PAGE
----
The book would be suitable for children who are gaining confidence in reading alone but still like to have pictures breaking up big chunks of text. However, younger children will also enjoy listening to others reading them the story. It is definitely a book to share with others, otherwise they will keep asking why you are giggling out loud constantly throughout the book!

This is the ideal gift to give to a child, however I am sure it won't be long until the rest of the family will soon be reading it too!!

Thank you to the publishers for sending me the book to review.

Mad about you - Sinead Moriarty

Mad About You

"The inevitable comparisons with Marian Keyes are justified and well deserved - Moriarty's characters are likeable, well developed and funny". (Heat). Sinead Moriarty's riveting new novel, Mad About You, will make every reader stop and think about the importance of trust in relationships - how fragile it can be, how easily damaged, how hard to repair. Sinead combines the storytelling genius of Jodi Picoult, and the compassion and humour of Marian Keyes, in a gripping story of contemporary marriage. Emma and James Hamilton have weathered lots of storms in their ten-year marriage. From the heartbreak of infertility, to the craziness of then becoming parents to two babies in one year, to coping with James losing his job, somehow they have always worked as a team. However, the pressure of moving from Dublin to London for James' new job - away from familiar surroundings and the family Emma loves - puts them under stress like never before. So when James starts getting texts from a stranger - texts that show startling insights into their lives - Emma is not sure what to think. She is far from home, isolated and before long finds herself questioning everything about their relationship. Maybe those texts are telling her the truth and the life she believed to be solid and secure is just a mirage. Somehow she has to get a grip, but how can she do that when a stranger is set on driving Emma out of her home and her marriage? "One of the brightest voices in modern women's fiction". (Bella). Sinead Moriarty lives with her family in Dublin. Her previous titles are: The Baby Trail; A Perfect Match; From Here to Maternity; In My Sister's Shoes; Keeping It In the Family (also titled Whose Life is it Anyway?); Pieces of My Heart , Me and My Sisters and This Child of Mine.

Sinead Moriarty is another of my favourite authors and I look forward to her new releases each year. It was great to pick up this latest release and be reacquainted with Emma and James Hamilton from Sinead's earlier novels, The Baby Trail and From Here to Maternity. A couple struggling to conceive and who adopted a young son from overseas. 

We return to the Hamilton family, Emma, James, their adopted son and their biological daughter. At the start of the book the family have moved from Dublin to London, a move due to James' new job, training London Irish rugby team. It is great to see that Moriarty has acknowledged the difficulties and emotional wrench in moving away from family and the security of Emma's group of friends.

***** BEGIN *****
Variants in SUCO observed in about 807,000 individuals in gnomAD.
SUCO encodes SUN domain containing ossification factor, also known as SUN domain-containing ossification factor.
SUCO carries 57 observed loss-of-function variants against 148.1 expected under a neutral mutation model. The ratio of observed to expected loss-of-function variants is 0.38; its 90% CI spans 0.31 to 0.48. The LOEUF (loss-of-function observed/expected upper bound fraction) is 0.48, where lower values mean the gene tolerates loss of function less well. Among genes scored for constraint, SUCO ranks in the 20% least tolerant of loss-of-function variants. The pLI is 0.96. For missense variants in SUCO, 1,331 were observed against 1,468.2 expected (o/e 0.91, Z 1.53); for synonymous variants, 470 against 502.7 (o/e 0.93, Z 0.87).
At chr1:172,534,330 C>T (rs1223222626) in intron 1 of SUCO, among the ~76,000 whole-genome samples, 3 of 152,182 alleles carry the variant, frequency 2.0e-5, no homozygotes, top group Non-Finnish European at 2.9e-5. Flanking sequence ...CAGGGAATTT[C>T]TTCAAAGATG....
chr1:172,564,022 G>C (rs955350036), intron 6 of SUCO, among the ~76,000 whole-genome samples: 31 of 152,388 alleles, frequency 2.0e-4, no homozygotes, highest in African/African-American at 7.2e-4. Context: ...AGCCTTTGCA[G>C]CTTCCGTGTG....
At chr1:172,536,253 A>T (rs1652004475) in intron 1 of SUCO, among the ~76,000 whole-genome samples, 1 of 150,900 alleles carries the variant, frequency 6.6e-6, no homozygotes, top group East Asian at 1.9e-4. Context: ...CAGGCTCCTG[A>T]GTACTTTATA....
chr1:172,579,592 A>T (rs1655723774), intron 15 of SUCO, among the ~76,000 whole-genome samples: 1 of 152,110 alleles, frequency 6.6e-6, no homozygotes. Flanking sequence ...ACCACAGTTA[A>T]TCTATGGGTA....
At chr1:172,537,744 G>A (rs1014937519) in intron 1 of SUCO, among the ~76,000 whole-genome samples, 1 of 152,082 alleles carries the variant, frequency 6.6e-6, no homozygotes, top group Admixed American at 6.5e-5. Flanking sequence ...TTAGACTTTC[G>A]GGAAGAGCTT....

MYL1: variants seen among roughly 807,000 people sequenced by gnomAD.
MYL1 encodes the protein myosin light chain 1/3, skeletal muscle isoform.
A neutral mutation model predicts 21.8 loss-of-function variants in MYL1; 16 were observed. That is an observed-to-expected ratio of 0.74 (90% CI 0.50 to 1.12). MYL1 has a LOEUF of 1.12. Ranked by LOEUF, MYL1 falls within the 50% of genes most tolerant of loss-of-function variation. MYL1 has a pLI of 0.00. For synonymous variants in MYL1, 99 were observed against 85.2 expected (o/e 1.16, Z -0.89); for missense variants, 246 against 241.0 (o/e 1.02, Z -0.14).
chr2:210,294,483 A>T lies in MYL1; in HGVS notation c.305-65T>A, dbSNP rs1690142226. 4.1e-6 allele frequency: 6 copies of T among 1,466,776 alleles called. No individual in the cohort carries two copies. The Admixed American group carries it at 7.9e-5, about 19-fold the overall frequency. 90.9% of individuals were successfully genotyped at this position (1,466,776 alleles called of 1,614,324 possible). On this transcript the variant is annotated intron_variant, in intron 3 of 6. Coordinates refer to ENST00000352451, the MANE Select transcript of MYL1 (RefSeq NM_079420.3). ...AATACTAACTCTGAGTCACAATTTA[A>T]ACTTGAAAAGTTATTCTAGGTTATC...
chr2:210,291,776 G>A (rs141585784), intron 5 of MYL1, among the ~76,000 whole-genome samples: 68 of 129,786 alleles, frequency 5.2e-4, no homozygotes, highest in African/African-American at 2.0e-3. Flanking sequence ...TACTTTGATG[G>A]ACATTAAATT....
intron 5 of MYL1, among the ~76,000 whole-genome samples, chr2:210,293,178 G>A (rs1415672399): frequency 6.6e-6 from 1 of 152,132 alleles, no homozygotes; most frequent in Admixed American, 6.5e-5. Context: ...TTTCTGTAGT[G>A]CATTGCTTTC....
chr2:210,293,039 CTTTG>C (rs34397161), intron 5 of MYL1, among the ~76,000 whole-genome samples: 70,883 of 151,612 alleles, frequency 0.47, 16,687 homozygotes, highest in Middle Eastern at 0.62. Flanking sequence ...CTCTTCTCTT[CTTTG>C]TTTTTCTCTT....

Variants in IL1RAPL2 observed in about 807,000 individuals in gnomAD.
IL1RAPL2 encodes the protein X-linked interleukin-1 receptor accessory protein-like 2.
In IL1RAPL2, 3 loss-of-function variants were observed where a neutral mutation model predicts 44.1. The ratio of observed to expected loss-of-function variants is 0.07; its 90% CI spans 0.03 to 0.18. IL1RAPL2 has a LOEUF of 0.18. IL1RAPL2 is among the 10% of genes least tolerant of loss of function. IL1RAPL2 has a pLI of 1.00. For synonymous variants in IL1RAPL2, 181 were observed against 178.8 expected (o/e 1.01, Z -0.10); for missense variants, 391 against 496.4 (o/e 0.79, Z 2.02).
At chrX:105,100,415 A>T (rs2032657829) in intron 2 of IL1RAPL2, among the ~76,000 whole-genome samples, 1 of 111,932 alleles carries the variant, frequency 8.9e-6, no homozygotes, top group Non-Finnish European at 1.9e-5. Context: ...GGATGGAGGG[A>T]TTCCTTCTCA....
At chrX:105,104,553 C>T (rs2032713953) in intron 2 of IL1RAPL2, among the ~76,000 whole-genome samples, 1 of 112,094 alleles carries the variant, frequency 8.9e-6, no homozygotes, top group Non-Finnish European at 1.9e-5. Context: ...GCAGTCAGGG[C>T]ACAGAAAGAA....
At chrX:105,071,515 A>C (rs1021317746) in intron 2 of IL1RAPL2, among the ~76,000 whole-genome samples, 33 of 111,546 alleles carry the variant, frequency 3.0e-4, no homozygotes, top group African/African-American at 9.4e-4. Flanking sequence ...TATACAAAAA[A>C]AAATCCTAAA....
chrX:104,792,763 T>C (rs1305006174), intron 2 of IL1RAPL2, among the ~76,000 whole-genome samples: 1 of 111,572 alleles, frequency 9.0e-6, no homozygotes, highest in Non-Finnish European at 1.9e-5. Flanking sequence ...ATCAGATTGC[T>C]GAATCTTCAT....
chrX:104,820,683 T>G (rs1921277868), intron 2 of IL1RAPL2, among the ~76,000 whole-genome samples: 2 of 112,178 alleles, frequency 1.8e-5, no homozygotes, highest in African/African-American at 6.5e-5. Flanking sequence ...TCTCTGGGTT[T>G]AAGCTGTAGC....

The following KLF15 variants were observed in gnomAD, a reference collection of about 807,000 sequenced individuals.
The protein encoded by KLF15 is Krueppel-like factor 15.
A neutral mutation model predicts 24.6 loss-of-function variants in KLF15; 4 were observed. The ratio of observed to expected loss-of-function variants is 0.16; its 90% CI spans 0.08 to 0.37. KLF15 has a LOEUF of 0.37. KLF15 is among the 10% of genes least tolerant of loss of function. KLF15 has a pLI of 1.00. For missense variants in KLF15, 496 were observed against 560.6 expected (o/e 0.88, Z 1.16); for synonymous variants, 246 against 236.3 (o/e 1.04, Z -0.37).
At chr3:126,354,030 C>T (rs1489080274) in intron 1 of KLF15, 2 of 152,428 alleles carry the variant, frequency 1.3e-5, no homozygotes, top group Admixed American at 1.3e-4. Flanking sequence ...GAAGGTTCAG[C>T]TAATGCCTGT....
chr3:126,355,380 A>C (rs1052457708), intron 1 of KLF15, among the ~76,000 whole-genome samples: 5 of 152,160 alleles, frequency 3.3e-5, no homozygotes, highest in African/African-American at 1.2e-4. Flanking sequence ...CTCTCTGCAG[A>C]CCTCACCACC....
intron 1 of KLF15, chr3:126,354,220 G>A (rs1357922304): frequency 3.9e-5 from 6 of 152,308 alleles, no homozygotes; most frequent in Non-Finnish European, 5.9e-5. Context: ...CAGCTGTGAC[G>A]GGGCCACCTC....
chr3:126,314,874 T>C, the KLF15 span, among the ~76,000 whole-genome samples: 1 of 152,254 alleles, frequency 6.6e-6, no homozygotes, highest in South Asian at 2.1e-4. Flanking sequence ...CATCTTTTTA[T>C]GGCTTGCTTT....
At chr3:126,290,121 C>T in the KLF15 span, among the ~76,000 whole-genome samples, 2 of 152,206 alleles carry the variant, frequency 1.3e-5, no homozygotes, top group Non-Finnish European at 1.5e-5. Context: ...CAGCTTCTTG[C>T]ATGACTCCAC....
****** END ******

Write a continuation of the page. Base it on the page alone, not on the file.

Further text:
Emma has a sister, Babs, who lives in London and is the host on a makeover programme. She manages to get Emma a job as the programme's make up artist. Although this is great for Emma, she has to consider childcare and the immediate start on the job leaves Emma feeling guilty about not being there to settle her children into their new nursery. A neighbour mentions that a friends daughter is looking for work and is good with children. After interviewing for a nanny, it is decided to go with the daughter of a friends friend. The story continues, the children and the nanny are both happy, Emma has her job which she is enjoying, and James is working hard to get the London Irish rugby team to win their first game. 

It is during this time that Emma receives a parcel containing an intimate gift and a worrying note. Could James be playing away? Emma continues to receive these personal gifts, along with disturbing anonymous text messages. Would James really be playing away or is malice involved?

I really enjoyed this book and although I guessed the identity of person sending the parcels and text messages quite early on, it did not ruin the rest of the book. I really believe that Moriarty has written a very real story. The feelings of the whole family have been portrayed from day one when they uprooted from Ireland to live in London. The effect of Emma beginning a new job, meaning the children had a nanny to take them to and from a new nursery, family life being disrupted, James working very long hours, the doubt in Emma's life, which affected more than just Emma and James. It sends the reader on a roller coaster of emotions, who should they give their support to? and who is in the wrong?  There are many of the pitfalls of modern day family life throughout this story and reminds the reader of the real values of family life.